The speed of progress is staggering.  The world is changing everyday.  And here you are.  Praying to the God of primitive desert people.  Eating the flesh and blood of a man who walked the earth 2000 years ago.  Invoking a Spirit that moved over the face of the primordial waters.  Reading the writings of ancient people. 

And you thought you were normal.       

The God who ordered the chaos at the beginning of time, tore a rib from Adam's side, and turned water into blood in Egypt, split the sea to save a people, and spoke to Moses from an unquenchable fire, is the same God who did the unthinkable and became human, went around casting out demons, was accused of being a glutton, and died on a cross like a common criminal, went to Hell, rose from the dead, and a couple of months later lit 120 people on fire and sent them into the streets acting like drunks.  It is this God, this same wild, ancient Deity who we will invoke over bread and wine, to whom we will appeal for a healing touch.  We ask this God to show up here.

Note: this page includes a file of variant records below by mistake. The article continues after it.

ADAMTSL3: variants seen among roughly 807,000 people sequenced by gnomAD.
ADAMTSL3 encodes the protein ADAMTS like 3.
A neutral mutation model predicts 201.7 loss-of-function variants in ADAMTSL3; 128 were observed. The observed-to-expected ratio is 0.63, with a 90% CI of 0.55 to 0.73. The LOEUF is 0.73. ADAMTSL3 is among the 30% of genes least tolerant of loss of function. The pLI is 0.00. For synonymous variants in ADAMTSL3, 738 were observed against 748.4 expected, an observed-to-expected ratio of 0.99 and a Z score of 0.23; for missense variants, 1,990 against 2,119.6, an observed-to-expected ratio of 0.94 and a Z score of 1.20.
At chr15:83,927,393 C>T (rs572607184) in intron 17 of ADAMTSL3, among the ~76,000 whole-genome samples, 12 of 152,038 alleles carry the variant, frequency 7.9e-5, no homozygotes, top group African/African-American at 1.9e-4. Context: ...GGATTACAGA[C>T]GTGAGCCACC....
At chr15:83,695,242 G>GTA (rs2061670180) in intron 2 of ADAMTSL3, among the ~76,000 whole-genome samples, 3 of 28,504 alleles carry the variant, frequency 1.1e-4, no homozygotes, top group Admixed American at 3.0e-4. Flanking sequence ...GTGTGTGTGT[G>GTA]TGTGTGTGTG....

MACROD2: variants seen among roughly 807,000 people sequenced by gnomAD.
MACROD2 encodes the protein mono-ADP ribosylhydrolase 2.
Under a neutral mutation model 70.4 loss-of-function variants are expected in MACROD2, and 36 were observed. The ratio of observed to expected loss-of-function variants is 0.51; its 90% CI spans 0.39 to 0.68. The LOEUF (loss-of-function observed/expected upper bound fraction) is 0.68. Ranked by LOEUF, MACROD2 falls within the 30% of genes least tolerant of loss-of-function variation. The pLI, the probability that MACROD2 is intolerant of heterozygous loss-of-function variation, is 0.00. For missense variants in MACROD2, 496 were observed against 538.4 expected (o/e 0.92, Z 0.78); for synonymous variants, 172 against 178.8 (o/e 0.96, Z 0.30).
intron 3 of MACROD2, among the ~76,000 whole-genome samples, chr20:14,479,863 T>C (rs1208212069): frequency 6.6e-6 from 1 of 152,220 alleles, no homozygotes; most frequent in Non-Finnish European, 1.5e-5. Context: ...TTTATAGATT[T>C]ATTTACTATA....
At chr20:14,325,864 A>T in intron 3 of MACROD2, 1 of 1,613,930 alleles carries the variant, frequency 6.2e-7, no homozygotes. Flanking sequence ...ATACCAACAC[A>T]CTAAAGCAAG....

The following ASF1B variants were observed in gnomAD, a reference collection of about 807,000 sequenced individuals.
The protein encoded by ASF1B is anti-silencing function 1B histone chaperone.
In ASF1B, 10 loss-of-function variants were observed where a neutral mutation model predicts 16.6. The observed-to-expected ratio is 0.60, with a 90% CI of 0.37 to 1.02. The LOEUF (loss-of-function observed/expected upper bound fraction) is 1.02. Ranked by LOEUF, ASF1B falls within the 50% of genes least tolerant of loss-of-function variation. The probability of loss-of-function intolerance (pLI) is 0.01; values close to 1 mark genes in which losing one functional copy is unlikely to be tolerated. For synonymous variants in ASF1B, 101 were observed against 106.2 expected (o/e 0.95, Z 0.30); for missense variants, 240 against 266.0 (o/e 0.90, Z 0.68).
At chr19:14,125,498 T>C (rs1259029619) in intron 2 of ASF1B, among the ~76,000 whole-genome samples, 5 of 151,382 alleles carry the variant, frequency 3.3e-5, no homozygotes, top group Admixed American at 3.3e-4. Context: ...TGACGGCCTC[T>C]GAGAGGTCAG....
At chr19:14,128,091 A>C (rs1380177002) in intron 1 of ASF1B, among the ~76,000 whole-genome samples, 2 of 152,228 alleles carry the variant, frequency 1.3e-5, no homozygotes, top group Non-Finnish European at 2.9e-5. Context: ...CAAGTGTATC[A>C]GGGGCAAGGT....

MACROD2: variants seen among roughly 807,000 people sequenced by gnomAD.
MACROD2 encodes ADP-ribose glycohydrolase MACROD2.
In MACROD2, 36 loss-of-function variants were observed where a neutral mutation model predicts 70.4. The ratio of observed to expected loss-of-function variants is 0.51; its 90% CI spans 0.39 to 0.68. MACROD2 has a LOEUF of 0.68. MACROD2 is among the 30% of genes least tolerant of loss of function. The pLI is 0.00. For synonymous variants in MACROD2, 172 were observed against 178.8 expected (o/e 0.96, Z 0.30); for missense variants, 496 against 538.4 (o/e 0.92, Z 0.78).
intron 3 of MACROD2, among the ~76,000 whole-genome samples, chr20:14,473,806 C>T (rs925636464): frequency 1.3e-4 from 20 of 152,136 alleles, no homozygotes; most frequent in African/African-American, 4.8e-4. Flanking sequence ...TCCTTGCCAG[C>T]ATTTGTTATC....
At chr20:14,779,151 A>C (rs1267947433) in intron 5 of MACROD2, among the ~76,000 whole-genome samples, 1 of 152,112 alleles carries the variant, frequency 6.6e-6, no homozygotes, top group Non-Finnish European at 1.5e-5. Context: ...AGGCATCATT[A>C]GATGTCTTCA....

It is easy to forget that the God we worship is not domesticated.  The religion to which we belong is not something packaged and sold in warehouses.  It is all much more powerful, more mysterious than we often acknowledge. 

The world is racing away from the past at unprecedented speeds.  But amid the changes and chances of this life, this ancient God, older than time, is still there, still walking with mortals – not always the domesticated God we want, but always the God we need.  A primal God in a technological world – filling all things – impossible to solve, but impossible to deny.  The same God who spoke through the prophets of old in the desert, who cast out demons in first century Capernaum, is still on the loose.  Pursuing us with a reckless abandon.  And getting inside – filling us with the power that created the cosmos.  And we wake one day and realize that we, sophisticated, relevant, 21st century people are in fact possessed – possessed by a mysterious Deity who is out-of-control, older than time, and anything but normal.